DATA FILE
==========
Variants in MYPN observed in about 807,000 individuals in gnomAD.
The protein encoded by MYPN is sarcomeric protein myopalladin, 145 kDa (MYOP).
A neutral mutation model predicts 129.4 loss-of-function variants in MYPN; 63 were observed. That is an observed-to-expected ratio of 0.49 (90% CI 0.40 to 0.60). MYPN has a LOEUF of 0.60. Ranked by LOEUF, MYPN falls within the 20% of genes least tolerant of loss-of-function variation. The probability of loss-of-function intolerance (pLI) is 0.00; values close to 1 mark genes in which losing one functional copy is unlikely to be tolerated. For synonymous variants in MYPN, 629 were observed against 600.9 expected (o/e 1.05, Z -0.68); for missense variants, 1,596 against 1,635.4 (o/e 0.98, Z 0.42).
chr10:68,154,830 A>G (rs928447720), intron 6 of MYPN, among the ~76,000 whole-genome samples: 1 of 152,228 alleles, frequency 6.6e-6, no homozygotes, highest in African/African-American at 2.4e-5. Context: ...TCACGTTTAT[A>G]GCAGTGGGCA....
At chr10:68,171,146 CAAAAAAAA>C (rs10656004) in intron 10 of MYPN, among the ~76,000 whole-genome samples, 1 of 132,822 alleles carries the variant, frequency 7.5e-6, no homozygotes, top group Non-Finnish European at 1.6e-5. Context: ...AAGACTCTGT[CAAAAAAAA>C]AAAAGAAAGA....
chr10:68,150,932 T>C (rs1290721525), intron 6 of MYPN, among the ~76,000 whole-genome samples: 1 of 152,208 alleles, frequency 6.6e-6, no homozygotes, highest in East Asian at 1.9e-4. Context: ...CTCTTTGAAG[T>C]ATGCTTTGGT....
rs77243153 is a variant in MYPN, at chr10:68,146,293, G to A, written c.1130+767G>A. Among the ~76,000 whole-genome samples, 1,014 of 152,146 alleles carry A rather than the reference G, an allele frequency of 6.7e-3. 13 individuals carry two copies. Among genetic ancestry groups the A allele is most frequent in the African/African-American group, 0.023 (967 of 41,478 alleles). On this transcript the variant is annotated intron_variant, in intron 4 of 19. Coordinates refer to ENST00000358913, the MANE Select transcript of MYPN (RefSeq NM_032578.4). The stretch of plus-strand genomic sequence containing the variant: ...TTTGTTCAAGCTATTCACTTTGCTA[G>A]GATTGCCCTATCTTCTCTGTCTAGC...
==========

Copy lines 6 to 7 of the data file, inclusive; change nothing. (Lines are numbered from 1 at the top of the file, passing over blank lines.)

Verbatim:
chr10:68,150,932 T>C (rs1290721525), intron 6 of MYPN, among the ~76,000 whole-genome samples: 1 of 152,208 alleles, frequency 6.6e-6, no homozygotes, highest in East Asian at 1.9e-4. Context: ...CTCTTTGAAG[T>C]ATGCTTTGGT....
rs77243153 is a variant in MYPN, at chr10:68,146,293, G to A, written c.1130+767G>A. Among the ~76,000 whole-genome samples, 1,014 of 152,146 alleles carry A rather than the reference G, an allele frequency of 6.7e-3. 13 individuals carry two copies. Among genetic ancestry groups the A allele is most frequent in the African/African-American group, 0.023 (967 of 41,478 alleles). On this transcript the variant is annotated intron_variant, in intron 4 of 19. Coordinates refer to ENST00000358913, the MANE Select transcript of MYPN (RefSeq NM_032578.4). The stretch of plus-strand genomic sequence containing the variant: ...TTTGTTCAAGCTATTCACTTTGCTA[G>A]GATTGCCCTATCTTCTCTGTCTAGC...